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A New Michigan Law Will Require Warning Labels on Recreational Marijuana!

marijuana leaves as a background, with the word "marijuana" across the image and a swirl of smoke

One of the biggest subjects of concern for some people here in Michigan, when recreational marijuana became legal was that people would use it without thinking of the unintended consequences it may have for children. Specifically, if pregnant and nursing mothers used marijuana and it affected their babies, and parents of young children used it in ways that made it potentially accessible to their kids. What’s the solution? One answer to that question is to provide a warning to new moms.

Warning: No minors can ingest weed according to Michigan law

Michigan law is very clear about who can use recreational weed, and kids are NOT on that list! Under Michigan’s new recreational marijuana laws, pot is only legally available to people over the age of 21. But what happens when the person using the weed is an adult who happens to be pregnant. All of their choices have an immediate effect on their growing baby, which includes the ingestion of marijuana. So what does the law say about pregnant women using marijauna? Can they do it, or does it count as child abuse once the baby’s born?

This is a big grey area, making it difficult to address

While the law is very clear about exposing children to marijuana, and the fact that no one under 21 can use the drug, there isn’t anything on the books stating that moms-to-be can’t smoke pot or eat medibles during pregnancy. However, as soon as that baby’s born and the hospital blood tests come back positive for THC, you better believe that mom is going to have to answer to CPS for her choices. So this is clearly a very complex subject, and many people believe a warning is in order.

There is a potential danger to developing babies 

Although there is a considerable body of research and evidence to support claims that medical marijuana can be used effectively to manage pain, seizures, muscle spasms and nausea resulting from cancer treatment, it can have adverse effects on a child’s developing brain – and that includes the brain of a developing fetus. “With marijuana use becoming more widely accepted, the public’s perception of danger has gone down,” says State Representative Thomas Albert who co-authored a new bill. “We must do more to inform the public and protect unborn and newborn babies from exposure to harmful marijuana products.”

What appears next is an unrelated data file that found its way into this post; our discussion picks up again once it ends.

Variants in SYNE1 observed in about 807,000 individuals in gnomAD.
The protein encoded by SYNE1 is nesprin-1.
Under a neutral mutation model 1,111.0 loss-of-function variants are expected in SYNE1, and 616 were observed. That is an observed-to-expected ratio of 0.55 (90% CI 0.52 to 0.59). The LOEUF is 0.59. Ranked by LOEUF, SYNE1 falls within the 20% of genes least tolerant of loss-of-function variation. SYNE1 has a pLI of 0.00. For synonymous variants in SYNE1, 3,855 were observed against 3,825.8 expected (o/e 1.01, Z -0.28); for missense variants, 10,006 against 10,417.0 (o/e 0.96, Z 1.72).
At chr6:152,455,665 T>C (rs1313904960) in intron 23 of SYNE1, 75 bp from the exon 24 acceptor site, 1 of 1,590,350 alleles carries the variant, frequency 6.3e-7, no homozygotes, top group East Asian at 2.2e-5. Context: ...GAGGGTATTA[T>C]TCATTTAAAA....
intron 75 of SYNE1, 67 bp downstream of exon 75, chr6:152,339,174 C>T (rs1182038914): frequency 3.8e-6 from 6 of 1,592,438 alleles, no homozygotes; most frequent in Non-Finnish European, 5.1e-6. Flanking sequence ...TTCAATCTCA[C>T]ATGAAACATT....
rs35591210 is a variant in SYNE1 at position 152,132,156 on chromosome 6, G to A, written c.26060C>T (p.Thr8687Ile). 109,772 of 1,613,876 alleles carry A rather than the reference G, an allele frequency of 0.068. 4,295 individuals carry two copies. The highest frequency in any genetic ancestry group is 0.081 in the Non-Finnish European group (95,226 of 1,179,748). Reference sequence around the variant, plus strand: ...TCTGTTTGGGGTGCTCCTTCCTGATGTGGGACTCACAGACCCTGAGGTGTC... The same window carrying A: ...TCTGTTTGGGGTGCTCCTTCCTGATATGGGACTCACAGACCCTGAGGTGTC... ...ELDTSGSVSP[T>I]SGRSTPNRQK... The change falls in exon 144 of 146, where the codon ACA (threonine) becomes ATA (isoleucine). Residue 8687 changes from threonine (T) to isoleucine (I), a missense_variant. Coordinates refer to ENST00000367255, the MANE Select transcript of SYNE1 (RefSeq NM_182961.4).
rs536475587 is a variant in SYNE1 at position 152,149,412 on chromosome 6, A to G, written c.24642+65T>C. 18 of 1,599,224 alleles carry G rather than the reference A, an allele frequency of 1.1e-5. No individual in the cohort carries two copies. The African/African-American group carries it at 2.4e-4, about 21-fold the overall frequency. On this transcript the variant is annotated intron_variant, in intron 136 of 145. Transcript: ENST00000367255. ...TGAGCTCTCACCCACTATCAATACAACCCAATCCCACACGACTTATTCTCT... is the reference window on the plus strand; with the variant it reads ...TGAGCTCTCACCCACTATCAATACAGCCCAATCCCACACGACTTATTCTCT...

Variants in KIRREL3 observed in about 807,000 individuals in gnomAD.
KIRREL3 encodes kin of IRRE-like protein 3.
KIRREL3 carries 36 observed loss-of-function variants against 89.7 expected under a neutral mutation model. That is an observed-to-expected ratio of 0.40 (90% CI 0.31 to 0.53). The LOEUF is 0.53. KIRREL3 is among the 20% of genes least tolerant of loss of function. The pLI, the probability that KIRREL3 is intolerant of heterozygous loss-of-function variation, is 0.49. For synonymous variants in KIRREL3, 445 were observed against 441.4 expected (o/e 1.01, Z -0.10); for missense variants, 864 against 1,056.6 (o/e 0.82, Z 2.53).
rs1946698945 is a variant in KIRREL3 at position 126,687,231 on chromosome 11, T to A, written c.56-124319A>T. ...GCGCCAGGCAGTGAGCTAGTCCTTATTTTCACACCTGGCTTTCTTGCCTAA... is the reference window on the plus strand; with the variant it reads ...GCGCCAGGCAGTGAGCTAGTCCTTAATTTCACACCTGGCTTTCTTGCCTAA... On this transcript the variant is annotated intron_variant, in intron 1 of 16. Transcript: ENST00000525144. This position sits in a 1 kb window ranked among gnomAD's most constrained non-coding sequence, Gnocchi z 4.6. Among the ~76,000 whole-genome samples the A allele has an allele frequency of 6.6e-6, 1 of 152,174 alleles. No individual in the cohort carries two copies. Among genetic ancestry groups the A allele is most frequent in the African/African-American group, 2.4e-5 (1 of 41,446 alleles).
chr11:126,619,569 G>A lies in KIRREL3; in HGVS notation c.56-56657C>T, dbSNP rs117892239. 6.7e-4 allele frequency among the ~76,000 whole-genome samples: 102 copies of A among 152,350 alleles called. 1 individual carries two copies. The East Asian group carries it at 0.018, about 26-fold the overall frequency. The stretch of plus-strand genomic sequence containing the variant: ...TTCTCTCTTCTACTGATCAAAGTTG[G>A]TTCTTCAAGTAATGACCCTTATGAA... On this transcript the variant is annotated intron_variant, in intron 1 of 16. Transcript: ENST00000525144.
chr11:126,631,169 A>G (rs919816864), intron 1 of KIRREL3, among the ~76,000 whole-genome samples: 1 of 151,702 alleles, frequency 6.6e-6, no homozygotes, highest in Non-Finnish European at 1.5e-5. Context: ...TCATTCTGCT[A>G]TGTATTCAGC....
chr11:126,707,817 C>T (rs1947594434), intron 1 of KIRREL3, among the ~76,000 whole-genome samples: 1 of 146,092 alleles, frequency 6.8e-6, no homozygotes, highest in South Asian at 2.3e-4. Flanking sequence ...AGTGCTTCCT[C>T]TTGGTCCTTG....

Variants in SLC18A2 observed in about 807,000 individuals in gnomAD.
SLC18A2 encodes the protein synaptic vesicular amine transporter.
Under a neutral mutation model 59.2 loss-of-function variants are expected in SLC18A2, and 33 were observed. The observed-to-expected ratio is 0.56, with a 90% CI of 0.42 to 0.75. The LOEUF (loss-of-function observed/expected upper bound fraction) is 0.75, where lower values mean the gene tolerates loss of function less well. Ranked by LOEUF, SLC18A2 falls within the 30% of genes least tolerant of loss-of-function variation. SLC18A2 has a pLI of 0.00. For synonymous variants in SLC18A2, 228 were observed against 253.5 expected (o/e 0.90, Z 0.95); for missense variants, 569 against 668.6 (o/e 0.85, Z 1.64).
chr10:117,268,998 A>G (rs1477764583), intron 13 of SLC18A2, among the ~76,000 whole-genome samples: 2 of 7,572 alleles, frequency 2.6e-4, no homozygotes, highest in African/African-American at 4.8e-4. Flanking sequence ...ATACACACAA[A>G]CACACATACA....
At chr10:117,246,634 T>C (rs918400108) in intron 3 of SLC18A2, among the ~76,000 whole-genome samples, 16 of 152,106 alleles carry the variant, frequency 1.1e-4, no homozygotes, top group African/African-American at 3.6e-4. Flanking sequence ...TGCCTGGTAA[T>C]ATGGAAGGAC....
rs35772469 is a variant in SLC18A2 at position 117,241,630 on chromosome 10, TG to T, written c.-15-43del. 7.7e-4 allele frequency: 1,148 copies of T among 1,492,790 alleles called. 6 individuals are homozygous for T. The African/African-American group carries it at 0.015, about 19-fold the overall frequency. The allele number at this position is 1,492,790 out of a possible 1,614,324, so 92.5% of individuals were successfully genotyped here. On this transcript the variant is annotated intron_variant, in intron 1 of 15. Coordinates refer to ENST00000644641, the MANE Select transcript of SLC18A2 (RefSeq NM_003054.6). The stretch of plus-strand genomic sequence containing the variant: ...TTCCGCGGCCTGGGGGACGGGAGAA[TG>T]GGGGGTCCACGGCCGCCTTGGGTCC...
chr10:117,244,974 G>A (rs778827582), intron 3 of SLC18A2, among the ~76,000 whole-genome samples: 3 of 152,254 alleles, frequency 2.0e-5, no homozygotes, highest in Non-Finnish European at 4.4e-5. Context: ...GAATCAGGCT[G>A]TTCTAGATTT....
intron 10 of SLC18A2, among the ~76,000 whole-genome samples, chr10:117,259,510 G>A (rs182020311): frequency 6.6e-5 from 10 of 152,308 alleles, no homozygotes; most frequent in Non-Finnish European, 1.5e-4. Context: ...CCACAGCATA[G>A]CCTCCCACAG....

What exactly do the new bills say?

Under the new laws, all marijuana products sold in Michigan will need the following:

  • Labels clearly explaining that marijuana affects the brains of developing fetuses and newborns, and warning pregnant and nursing mothers not to use it,
  • An informational pamphlet will need to be provided at every point of sale that provides information on the effects of marijuana on minors, and includes the poison control hotline in case of accidental ingestion by a child.

The new bill was widely supported by the House and Senate

There was overwhelming support for this bill package, first in the Senate, and then in the House, where it was passed on a 105 – 4 vote. One of the bills needed three-fourths support in both chambers because it would be amending the law that made marijuana legal for recreational use. The bills are now headed for Governor Whitmer’s desk, where she is expected to sign them without delay.

Kids and babies with drugs in their systems can spell trouble!

Marijuana may be legal in Michigan, but if there’s any chance your kids may have access to it, or your baby may have it in their bloodstream after birth, you could be looking at some serious fallout. CPS may get involved, which means you might be looking at having your kids taken away by the state. The police will likely investigate, which means you may face criminal charges. All in all, you’d be wise to call The Kronzek Firm at 866 766 5245 as soon as you know there’s any chance you may be accused of a drug-related crime, and get one of our experienced criminal defense attorneys on your team.

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